Royal Worcester Porcelain: Snippet Of The Day Number Three
When I decided to write a mini blog on Royal Worcester Porcelain, it was with some trepidation, as it has such a long and interesting history! I’m not sure I can do such an iconic company justice with just a few hundred words!
The company was founded back in 1751 by Dr John Wall (a Physician) and William Davis (an apothecary). They developed a method for producing porcelain and obtained investment to purchase a factory at Warmstry House, Worcester, England.
Royal Worcester porcelain is believed to be the oldest or second oldest remaining English porcelain brand still in existence today. Royal Crown Derby was established about the same time, so there is some debate as to which came first!
Early production at the Royal Worcester factory was rather haphazard. Significant improvements were made after the purchase of Benjamin Lund’s Bristol company, which brought additional technical expertise in to the company.
Worcester also obtained licences to mine soapstone in Cornwall. Worcester soapstone porcelain did not crack when boiling water was poured into it. This gave Worcester a significant advantage over other manufacturers.
The pottery have had some wonderful designers, potters, and artists through the decades. Here are a few of my favourite 19th and 20th Century landscape and animal painters. Many of these pieces sell for thousands of pounds!
The most enduring pattern produced by the porcelain manufacturer is “Evesham Gold.” First produced in 1961, it is still manufactured today. The pattern was named after the Vale of Evesham, an area of outstanding natural beauty in Worcestershire, England and famed for it’s autumnal fruits, which are depicted on the porcelain.
In 1976, Royal Worcester merged with Spode and production switched to factories in Stoke and abroad. The company has been part of the Portmeirion Pottery Group (Stoke- on- Trent) since 2009. Unfortunately, both the Royal Worcester and Spode Manufacturing facilities were shut down.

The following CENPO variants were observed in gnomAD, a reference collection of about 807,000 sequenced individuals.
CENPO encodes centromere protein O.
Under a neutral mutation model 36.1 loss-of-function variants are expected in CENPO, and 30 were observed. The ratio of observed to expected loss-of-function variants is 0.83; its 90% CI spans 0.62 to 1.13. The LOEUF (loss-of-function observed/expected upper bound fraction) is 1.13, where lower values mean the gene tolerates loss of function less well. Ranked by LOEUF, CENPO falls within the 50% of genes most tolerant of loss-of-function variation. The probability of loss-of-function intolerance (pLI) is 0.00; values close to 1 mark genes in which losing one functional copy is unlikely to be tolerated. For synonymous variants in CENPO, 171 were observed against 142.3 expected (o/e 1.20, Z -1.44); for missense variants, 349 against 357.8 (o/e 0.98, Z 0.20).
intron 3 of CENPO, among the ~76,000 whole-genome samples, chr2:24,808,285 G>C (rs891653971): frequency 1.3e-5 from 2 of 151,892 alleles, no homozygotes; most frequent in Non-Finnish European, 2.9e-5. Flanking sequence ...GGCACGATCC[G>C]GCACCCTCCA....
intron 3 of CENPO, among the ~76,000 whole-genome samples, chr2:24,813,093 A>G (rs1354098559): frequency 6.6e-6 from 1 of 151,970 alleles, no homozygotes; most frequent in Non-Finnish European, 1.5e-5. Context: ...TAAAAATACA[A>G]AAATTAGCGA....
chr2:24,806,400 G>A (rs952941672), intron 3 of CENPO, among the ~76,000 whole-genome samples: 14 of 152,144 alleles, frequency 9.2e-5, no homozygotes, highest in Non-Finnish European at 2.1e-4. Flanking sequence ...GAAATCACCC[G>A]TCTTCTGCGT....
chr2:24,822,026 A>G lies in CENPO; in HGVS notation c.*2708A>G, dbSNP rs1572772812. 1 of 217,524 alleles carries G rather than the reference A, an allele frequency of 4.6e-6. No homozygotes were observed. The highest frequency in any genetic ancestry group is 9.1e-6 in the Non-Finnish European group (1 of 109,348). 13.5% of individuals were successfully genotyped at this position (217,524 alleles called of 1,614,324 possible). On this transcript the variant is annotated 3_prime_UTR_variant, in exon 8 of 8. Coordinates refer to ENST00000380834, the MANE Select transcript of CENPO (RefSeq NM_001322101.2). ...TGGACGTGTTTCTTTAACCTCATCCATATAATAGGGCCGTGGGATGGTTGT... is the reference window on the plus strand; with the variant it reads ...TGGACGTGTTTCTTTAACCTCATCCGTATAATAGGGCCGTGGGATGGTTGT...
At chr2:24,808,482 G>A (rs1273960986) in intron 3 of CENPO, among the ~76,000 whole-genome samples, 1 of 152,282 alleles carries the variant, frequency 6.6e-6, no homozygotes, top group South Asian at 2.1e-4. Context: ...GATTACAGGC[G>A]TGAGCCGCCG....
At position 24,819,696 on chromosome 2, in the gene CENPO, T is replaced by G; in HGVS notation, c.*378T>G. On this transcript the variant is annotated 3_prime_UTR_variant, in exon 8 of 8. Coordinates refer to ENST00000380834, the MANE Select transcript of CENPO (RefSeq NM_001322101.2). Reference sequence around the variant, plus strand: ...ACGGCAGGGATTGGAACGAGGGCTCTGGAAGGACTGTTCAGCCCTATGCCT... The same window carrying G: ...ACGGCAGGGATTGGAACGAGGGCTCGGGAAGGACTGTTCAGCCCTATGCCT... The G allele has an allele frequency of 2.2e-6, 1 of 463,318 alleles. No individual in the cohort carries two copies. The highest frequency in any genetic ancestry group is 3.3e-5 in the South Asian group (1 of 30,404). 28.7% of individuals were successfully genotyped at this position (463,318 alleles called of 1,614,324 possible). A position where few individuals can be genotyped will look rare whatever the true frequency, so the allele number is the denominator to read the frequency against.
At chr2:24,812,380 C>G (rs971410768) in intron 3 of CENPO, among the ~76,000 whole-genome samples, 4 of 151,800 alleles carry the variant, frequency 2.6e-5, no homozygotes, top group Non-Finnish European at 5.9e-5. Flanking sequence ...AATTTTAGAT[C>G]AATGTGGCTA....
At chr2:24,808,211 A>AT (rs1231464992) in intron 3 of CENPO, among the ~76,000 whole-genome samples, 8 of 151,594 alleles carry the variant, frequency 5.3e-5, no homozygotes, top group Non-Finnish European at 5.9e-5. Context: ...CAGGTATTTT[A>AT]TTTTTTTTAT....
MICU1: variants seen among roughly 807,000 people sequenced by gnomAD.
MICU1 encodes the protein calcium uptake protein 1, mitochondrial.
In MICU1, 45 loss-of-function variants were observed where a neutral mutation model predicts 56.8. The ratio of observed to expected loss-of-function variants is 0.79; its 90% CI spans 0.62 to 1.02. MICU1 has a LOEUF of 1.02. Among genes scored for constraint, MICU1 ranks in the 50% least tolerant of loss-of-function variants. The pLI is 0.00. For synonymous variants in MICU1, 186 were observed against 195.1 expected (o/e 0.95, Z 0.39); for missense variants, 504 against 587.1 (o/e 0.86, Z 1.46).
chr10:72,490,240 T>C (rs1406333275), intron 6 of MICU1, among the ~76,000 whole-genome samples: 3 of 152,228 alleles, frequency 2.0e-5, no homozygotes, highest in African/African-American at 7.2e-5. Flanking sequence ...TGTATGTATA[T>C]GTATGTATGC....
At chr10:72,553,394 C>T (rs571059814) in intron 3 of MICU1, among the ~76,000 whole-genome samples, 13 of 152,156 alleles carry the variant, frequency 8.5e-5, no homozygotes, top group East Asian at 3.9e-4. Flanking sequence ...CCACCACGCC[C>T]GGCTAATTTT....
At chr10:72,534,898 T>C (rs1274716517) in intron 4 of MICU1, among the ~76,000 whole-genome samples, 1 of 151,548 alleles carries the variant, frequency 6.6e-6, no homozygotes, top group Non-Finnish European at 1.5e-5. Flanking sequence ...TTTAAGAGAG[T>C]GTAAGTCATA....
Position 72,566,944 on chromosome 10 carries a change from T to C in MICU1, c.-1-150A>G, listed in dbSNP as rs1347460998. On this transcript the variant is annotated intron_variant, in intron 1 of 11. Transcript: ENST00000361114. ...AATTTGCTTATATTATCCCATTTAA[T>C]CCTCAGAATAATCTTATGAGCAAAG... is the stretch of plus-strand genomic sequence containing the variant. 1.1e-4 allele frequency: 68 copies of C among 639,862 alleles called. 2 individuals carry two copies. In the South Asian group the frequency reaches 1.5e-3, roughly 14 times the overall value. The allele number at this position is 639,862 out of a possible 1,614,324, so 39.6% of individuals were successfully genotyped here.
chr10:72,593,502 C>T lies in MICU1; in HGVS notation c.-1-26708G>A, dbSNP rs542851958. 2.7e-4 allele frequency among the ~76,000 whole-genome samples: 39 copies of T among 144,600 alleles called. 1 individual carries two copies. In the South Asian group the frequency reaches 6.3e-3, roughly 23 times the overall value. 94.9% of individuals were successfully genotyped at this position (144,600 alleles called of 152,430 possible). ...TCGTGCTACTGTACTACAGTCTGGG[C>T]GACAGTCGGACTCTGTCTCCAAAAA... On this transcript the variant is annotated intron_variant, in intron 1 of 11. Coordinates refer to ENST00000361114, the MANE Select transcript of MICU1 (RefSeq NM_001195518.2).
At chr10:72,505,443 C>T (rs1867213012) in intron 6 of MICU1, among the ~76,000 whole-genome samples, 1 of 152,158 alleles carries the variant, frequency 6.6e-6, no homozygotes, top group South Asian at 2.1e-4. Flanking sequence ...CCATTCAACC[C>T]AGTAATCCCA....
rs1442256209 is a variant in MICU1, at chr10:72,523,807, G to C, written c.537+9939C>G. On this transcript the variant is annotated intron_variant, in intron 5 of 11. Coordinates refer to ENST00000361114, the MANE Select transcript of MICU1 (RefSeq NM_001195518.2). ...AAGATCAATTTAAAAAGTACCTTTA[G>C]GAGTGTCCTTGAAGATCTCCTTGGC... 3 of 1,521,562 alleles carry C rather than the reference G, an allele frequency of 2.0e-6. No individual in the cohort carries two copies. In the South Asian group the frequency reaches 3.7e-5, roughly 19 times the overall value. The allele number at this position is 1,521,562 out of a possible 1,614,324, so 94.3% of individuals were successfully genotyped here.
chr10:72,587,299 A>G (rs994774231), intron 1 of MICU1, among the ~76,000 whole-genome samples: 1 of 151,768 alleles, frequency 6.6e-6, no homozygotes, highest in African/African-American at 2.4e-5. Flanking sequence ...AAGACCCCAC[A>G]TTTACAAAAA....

The Royal Worcester Museum is the only part of Royal Worcester left. The museum is currently closed for refurbishment but is well worth a visit! It was originally named after Charles William Dyson Perrins, whom took ownership of the Worcester factory in 1927. If that name sounds familiar it will be to those whom love Lea and Perrins Worcestershire sauce!
Today, is the first of December, and I wanted to celebrate the start of advent with you by sharing a post entitled All I Want For Christmas Is Memories. Intrigued? Then please continue reading!
What does Christmas mean to you?
I don’t think it really matters where you are in the World, or what faith, as many people now celebrate Christmas by exchanging gifts with loved ones. It is a time when families get together, put disagreements aside (hopefully!), for one day and focus on one another and spread some ‘Good Will’ to most people you come across. Even in the holiday traffic jams and travel chaos, people seems to have more patience and tolerance at this time of year!
Contrary to popular opinion amongst some children and adults, the 25th December isn’t about celebrating the birth of Father Christmas but, for Christians, the birth of Jesus of Nazareth. Whether or not you have faith, I think it is striking that 2000 years after His birth people are still celebrating. Or is it?
Most theologists agree that Christ wasn’t born on the 25th December, so why do we celebrate on this day? In fact, early Christians only celebrated Easter.
One of the theories is that the date was set to coincide with the Roman festival of Juliana around the time of the winter solstice (~ 21st December in the Northern Hemisphere). Or the birth of the Roman sun god, Mithra, on the 25th December.
Christianity only came permanently to the shores of the, then pagan, British Isles in the 4th-6th Centuries.
How Do You Celebrate Christmas?
Many parts of Europe, the Commonwealth, and USA have similar traditions during the festive season, but it is the country specific differences which I love hearing about.
Most of us have a gift giver who’s name differs from country to country including; St Nicholas (many parts of Europe), Kris Kringle, Father Christmas (UK), and Santa Claus (U.S and Canada). Many of these Christmas personifications appeared during mediaeval times in Europe. At this stage, Christmas was predominantly celebrated by adults. It wasn’t until Victorian times, at least in the UK, that Father Christmas appeared in the guise we now know him today and started giving gifts to children. He often wore a green cloak too!